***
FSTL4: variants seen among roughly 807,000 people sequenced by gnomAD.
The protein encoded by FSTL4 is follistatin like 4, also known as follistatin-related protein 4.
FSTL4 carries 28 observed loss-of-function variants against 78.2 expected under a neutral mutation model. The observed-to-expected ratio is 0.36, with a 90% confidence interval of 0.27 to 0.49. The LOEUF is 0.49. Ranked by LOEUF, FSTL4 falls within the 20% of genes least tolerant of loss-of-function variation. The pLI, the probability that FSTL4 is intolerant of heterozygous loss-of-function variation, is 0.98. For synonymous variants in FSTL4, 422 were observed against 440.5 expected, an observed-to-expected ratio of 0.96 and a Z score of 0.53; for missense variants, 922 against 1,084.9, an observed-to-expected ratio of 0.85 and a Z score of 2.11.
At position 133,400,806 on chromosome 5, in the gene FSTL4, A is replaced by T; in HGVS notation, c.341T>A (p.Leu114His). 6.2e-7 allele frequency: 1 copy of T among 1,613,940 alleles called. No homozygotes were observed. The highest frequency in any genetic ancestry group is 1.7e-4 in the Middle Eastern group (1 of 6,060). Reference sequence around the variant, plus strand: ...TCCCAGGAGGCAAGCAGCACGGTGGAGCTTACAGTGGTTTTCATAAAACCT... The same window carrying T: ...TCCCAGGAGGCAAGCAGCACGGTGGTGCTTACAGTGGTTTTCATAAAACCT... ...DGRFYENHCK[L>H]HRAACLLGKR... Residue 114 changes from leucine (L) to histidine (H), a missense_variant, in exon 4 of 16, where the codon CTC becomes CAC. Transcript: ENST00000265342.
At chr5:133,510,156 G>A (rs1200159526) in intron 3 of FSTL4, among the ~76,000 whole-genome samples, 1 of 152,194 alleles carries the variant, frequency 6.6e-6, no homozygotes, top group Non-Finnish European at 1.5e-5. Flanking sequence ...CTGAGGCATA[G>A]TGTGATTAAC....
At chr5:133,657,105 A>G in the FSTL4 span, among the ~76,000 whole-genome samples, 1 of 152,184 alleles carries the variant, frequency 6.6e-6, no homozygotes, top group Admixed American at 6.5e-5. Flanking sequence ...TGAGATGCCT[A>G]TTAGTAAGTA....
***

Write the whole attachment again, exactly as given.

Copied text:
FSTL4: variants seen among roughly 807,000 people sequenced by gnomAD.
The protein encoded by FSTL4 is follistatin like 4, also known as follistatin-related protein 4.
FSTL4 carries 28 observed loss-of-function variants against 78.2 expected under a neutral mutation model. The observed-to-expected ratio is 0.36, with a 90% confidence interval of 0.27 to 0.49. The LOEUF is 0.49. Ranked by LOEUF, FSTL4 falls within the 20% of genes least tolerant of loss-of-function variation. The pLI, the probability that FSTL4 is intolerant of heterozygous loss-of-function variation, is 0.98. For synonymous variants in FSTL4, 422 were observed against 440.5 expected, an observed-to-expected ratio of 0.96 and a Z score of 0.53; for missense variants, 922 against 1,084.9, an observed-to-expected ratio of 0.85 and a Z score of 2.11.
At position 133,400,806 on chromosome 5, in the gene FSTL4, A is replaced by T; in HGVS notation, c.341T>A (p.Leu114His). 6.2e-7 allele frequency: 1 copy of T among 1,613,940 alleles called. No homozygotes were observed. The highest frequency in any genetic ancestry group is 1.7e-4 in the Middle Eastern group (1 of 6,060). Reference sequence around the variant, plus strand: ...TCCCAGGAGGCAAGCAGCACGGTGGAGCTTACAGTGGTTTTCATAAAACCT... The same window carrying T: ...TCCCAGGAGGCAAGCAGCACGGTGGTGCTTACAGTGGTTTTCATAAAACCT... ...DGRFYENHCK[L>H]HRAACLLGKR... Residue 114 changes from leucine (L) to histidine (H), a missense_variant, in exon 4 of 16, where the codon CTC becomes CAC. Transcript: ENST00000265342.
At chr5:133,510,156 G>A (rs1200159526) in intron 3 of FSTL4, among the ~76,000 whole-genome samples, 1 of 152,194 alleles carries the variant, frequency 6.6e-6, no homozygotes, top group Non-Finnish European at 1.5e-5. Flanking sequence ...CTGAGGCATA[G>A]TGTGATTAAC....
At chr5:133,657,105 A>G in the FSTL4 span, among the ~76,000 whole-genome samples, 1 of 152,184 alleles carries the variant, frequency 6.6e-6, no homozygotes, top group Admixed American at 6.5e-5. Flanking sequence ...TGAGATGCCT[A>G]TTAGTAAGTA....